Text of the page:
Aflamuna '21 in Retrospect
by Renée Awit, Project Manager of Aflamuna
Honoring Arab cinema, increasing access to the best productions of independent Arab cinema to a broad and diverse audience around the world, promoting and supporting regional filmmakers, harnessing the power of cinema to tackle urgent issues, providing web users with essential entertainment while creating a space for socio-political and critical reflection around independent Arab cinema; All this has been Aflamuna’s mission since its creation in 2020.
Since its return in a new format in March 2021, Aflamuna has offered a new monthly program with cult, classic, contemporary, and sometimes unreleased films, available free of charge every week. It is a platform for Arab voices and an opportunity to broadcast thought-provoking distinctive essays online.
Away from the hyperchoice context, the platform relies on a small regularly-renewing selection, similar to the programming of a movie theater but which is nonetheless rich and versatile. We find it essential to adopt a selective approach and a stringent editorial line built around different themes. That encourages reflection and interaction to discover or rediscover memorable feature films, documentaries, and short films by established directors, highlighting the outcomes of a new generation of Arab filmmakers.
The year 2021 was rich in various programming on Aflamuna, often accompanied by numerous bonuses (panels, round tables, interviews with the filmmakers, etc.). The films have focused on different themes. They have tackled political, social, environmental, and other subjects chronicled by Arab and international programmers. Those have revealed, through unique essays, the context, the power, and the impact of each program, exploring its rapport with today’s world.
Lebanese filmmaker and film historian Hady Zaccak highlights the Palestinian cause through the program “Are We all Fedayeen?”. Zaccak notes that “Cinema may be a fedayee operation in light of all the challenges we live in, but it is a necessary act of resistance.”
“Spotlight on Beirut DC” holds genre films carrying a social perspective, war films, historical studies, refugee stories, and shameless portraits of marginalized people from Lebanon, Tunisia, Sudan, Palestine, and Syria. The program reflects the aesthetic diversity of contemporary Arab cinema and the political changes of the past twenty years.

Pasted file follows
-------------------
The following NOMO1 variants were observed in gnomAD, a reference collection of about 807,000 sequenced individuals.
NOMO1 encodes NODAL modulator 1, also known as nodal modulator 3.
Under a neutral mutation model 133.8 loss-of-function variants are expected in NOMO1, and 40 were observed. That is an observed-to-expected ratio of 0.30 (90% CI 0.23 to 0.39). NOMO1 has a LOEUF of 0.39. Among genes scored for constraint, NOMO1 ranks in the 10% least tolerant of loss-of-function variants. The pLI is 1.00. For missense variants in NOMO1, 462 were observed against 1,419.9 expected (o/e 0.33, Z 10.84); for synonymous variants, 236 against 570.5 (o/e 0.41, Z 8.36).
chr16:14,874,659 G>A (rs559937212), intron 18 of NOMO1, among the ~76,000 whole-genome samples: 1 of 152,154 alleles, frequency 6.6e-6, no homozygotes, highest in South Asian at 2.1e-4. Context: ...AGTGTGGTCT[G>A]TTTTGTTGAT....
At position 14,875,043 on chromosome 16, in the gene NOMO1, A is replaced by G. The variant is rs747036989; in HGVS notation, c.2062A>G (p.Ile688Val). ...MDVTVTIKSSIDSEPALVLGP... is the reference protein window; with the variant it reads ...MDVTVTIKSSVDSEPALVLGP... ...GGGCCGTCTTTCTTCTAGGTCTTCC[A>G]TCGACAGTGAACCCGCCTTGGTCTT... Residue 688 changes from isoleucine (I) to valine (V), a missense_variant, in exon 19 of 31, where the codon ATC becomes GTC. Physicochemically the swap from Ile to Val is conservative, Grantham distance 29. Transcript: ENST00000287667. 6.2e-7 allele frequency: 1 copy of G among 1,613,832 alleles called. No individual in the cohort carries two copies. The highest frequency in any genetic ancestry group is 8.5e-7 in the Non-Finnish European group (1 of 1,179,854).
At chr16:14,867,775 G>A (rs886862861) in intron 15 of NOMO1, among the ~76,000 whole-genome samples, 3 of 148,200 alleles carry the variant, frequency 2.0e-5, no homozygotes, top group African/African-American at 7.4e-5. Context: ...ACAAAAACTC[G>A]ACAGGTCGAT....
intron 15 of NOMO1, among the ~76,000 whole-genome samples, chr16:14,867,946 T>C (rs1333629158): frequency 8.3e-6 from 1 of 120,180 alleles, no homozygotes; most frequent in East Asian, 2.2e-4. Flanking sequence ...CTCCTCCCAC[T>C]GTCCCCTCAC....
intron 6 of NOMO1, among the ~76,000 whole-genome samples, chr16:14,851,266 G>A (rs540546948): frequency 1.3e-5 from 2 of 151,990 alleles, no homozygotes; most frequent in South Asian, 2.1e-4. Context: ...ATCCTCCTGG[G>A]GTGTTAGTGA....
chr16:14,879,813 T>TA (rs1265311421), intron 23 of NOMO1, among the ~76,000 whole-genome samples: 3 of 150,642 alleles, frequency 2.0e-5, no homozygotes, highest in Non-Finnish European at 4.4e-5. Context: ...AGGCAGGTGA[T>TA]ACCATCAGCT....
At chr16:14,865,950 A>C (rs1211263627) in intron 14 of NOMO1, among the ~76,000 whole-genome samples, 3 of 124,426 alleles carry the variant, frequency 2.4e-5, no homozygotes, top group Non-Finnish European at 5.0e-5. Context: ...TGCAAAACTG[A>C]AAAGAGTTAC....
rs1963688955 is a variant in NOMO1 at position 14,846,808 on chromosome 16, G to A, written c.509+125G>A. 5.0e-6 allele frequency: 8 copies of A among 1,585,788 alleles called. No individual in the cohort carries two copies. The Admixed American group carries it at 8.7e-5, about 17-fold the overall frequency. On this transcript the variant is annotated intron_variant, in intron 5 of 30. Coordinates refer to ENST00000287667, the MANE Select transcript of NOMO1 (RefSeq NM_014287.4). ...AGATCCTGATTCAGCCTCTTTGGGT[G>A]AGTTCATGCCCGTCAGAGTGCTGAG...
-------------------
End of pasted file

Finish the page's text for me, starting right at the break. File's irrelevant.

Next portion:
Presented by Cinematheque Beirut, the “RE / BELLES” program gives prominence to rebel women. Through this selection, the Metropolis Cinema association pays tribute to the rebellious role women played in shaping the histories of cinema in Lebanon.
Following the “Female Gaze” path, or the gaze as a pattern of resistance against heteropatriarchy in queer and feminist cinema, we have sought to take a different look at “telling your story” through female experience. In that light, Louise Malherbe presents the program “Where would my body go, if not above?” as part of the Cinema Al Fouad Festival programming.
Through the program “Hot Summer”, filmmaker Eliane Raheb presents a diverse summer film selection showing stories of friendship, family, love, sex, and quest, with politics and war in the background.
On the occasion of the third edition of Reef, Rural Encounters on Environment & Film, the festival offers a list of films that question the roles of myths and beliefs in our present time and visualize the theme through different angles.
The “Filming Catastrophe” programming presented by Beirut DC reflects on how Arab creativity handles disaster and how we understand and deal with it, and its effects on our souls.
The Culture Resource Association presents its “What We (Dis)Like to See Lies Within Us” programming, which brings together a selection of films that the association has supported over the past ten years. The program has sought to present a variety of films that attempt to escape the dominant images of the subjects they cover and question the images one usually does not want to see.
The “Rise of The Arab Genre” programming presented by Antoine Waked, the artistic director of the Maskoon Fantastic Film Festival, brings to light a new wave of Arab filmmakers who dare to break the mold by opening up to the limitless narrative opportunities that genre cinema can offer.
Finally, more intimate and personal stories making private and family life a cinematic theme were featured in the “Home Movie” program, presented by filmmaker Zeina Sfeir.
Before inaugurating the year 2022 with a new programming cycle, honoring our subscribers’ demand, we would like to dedicate January 2022 to highlight the year 2021 on Aflamuna. To celebrate your requests, we would like to offer you the opportunity to watch a selection of must-see films that have marked our programming in 2021 and that you have expressed the desire to watch again. And as for February 2022, mark your calendars for new themes to come. We hope that many of you will enjoy watching these films.